Whatever Lola Wants, Lola Gets.
That sultry line from a 1956 Sarah Vaughan hit was hard to forget as wife Elaine and I left Kelowna Community Theatre on a mid-November Friday night after Ballet Kelowna launched its 16th season with a performance aptly entitled Autumn. Promoted as a multi-faceted celebration of the splendor of the fall season, Autumn featured two premieres from lauded Canadian choreographers John Alleyne (Schubert) from 2000 and Alysa Pires (In Between) in 2018.
The pièce de résistance of this performance-de-pirouette was a quirky crowd-pleaser simply known as MAMBO (2018). Also choreographed by Pires, MAMBO was da bomb and a slightly kitschy gift that kept on giving to an audience that was eating it up. It featured a soundtrack of latin, jazz, and swing standards that busted the door wide open on what social-media-era ballet looks like or can look like. More on this showstopper, a boffo smash earlier this year in Beijing and Toronto, in a few paragraphs.
Simone Orlando, Ballet Kelowna’s Artistic Director and CEO, was recently quoted about the brashness and versatility of contemporary ballet. “There is great use of the spine in contemporary and the partnering is very unconventional and exciting,” she said. “The men have to really work to put the women in off-balance positions. This performance is not upright, classical, Nutcracker-style dancers in tutus. There is physicality in this work that audiences find fascinating.”
Whatever the boss wants, the boss gets.
Alleyne’s Schubert was first mounted by Ballet BC in 2000 as a tribute to Canadian ballerina Jean Orr. It displayed the ethereal transience of the autumnal season and reflecting the cycle of life of a dancer in three scenes – youth, beauty and wisdom. The music was Franz Schubert’s Trio in E Flat Major, Opus 100. Said Elaine: “it was beautifully choreographed and pretty to watch.”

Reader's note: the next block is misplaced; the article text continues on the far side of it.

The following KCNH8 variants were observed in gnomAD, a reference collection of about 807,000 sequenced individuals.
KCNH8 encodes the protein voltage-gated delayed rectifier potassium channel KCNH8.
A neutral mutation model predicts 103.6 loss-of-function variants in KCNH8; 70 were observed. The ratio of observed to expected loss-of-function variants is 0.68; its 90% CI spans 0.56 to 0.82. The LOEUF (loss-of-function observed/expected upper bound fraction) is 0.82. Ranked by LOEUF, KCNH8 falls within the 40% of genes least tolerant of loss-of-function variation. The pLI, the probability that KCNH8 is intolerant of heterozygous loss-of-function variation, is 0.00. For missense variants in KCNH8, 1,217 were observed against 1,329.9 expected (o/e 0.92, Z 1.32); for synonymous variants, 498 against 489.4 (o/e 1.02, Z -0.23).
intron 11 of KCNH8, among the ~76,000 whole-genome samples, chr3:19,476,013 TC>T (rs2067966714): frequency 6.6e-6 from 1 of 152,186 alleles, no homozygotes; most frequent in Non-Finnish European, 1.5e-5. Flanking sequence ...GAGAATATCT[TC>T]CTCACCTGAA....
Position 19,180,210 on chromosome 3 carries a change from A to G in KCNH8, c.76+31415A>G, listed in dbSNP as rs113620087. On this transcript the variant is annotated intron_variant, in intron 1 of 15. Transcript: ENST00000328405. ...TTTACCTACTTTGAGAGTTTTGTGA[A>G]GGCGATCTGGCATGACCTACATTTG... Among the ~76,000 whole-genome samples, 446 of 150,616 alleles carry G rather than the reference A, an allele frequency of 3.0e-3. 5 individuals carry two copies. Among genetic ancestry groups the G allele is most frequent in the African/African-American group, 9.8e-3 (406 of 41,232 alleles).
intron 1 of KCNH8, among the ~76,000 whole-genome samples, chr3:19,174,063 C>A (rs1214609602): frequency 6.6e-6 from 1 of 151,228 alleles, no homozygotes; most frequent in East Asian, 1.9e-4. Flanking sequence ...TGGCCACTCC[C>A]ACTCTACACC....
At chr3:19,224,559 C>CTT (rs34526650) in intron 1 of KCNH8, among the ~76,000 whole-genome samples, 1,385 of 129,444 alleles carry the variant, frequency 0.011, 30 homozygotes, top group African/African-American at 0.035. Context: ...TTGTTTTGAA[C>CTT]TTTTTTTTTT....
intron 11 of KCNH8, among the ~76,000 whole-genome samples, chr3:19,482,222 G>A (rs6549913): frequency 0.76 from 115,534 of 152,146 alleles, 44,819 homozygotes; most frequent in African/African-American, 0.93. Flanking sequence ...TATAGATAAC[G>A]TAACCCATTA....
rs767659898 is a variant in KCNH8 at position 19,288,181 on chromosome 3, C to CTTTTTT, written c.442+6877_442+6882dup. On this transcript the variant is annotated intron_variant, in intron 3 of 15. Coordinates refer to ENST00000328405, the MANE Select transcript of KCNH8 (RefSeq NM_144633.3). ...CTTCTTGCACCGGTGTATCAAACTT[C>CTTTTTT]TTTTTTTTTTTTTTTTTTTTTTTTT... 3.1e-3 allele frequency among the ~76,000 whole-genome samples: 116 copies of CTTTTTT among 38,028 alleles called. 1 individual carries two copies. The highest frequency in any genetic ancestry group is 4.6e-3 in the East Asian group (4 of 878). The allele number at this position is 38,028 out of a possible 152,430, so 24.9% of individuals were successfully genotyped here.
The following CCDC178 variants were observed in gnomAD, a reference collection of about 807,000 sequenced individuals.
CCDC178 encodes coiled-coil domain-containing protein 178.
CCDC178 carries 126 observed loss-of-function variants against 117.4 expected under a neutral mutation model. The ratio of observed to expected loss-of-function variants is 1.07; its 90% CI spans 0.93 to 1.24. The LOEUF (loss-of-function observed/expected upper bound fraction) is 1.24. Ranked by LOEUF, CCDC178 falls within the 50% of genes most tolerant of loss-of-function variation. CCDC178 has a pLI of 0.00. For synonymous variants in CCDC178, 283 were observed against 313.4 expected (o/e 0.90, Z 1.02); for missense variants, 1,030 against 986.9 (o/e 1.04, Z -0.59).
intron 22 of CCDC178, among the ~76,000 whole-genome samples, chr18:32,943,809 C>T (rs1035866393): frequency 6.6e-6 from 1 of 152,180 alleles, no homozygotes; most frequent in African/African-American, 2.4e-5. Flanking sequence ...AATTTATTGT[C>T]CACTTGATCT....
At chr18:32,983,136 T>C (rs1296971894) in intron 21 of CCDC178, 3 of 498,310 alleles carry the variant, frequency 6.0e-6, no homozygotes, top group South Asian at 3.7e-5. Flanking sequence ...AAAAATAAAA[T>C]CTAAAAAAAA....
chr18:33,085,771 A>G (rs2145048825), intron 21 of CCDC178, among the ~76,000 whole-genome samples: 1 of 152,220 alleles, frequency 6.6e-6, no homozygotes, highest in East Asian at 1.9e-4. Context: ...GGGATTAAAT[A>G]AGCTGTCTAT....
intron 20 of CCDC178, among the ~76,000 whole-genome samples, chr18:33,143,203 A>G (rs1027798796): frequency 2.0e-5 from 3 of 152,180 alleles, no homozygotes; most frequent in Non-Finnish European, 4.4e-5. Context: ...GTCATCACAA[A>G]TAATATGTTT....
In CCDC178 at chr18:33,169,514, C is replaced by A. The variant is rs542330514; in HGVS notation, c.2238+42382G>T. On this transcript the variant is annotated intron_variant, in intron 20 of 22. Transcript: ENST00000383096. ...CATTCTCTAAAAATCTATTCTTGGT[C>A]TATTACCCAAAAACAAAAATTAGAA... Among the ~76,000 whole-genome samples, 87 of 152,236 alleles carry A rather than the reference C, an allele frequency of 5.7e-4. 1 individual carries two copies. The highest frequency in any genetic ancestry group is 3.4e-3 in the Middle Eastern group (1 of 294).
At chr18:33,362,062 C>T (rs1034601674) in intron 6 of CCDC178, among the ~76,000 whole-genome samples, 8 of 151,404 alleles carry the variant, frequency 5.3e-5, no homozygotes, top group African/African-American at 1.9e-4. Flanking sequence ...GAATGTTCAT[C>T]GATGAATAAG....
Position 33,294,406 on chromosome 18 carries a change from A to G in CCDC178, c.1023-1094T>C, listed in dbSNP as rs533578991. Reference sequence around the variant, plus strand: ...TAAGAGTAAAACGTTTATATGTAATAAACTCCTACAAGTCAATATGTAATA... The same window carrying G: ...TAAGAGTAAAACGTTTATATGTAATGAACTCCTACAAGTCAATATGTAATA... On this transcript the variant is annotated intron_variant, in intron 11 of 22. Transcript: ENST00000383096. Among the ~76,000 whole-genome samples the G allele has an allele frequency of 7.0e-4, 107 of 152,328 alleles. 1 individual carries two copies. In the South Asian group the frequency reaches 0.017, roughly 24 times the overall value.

Pires’ In Between was developed through The National Ballet of Canada’s Choreographic Workshop and premiered in January. It was inspired by her childhood on Vancouver Island and the constant churning of the weather linked to body and soul and moving forward. The soundtrack was composed by her husband, Adam Sakiyama, and featured the ebb and flow of the ocean and temperate coastal climate. The movements were very physical and demanding of the dancers.
MAMBO, not to be confused with Lou Bega’s 1999 hit Mambo No. 5, was a blast to watch. Pires handpicked six classic songs (Perry Como, Papa Loves Mambo, Rosemary Clooney, Sway, Julie London, Perfidia, Xavier Cugat, Maria Elena, Sarah Vaughan, Whatever Lola Wants, Dean Martin, Besame Mucho, and Louis Prima, Buona Sera) to lighten the mood and elicit a few giggles. Each number brought out a different combination of dancers who frolicked in colorful street clothes and bare feet. There was a splash of silliness, a dash of hip-hop, and a flash of West Side Story rug-cutting.
Kudos to the Ballet Kelowna dancers, all nine of them, for being on their toes and not toeing the same old line. Take a bow – Desiree Bortolussi, Valentin Chou, William Hall, Kelsey Hanna, Saia Kuwata, Allison Lang, Yuka Otsuki, Charlotte Reid, Seiji Suzuki, and Kurt Werner. They all exhibited a rubbery quality in the way they moved their toned bodies and visually told a story. BK‘s performance sponsor was Solinvest and its season partner is Quails’ Gate Winery. Ballet BC and The National Ballet of Canada provided most of the costumes.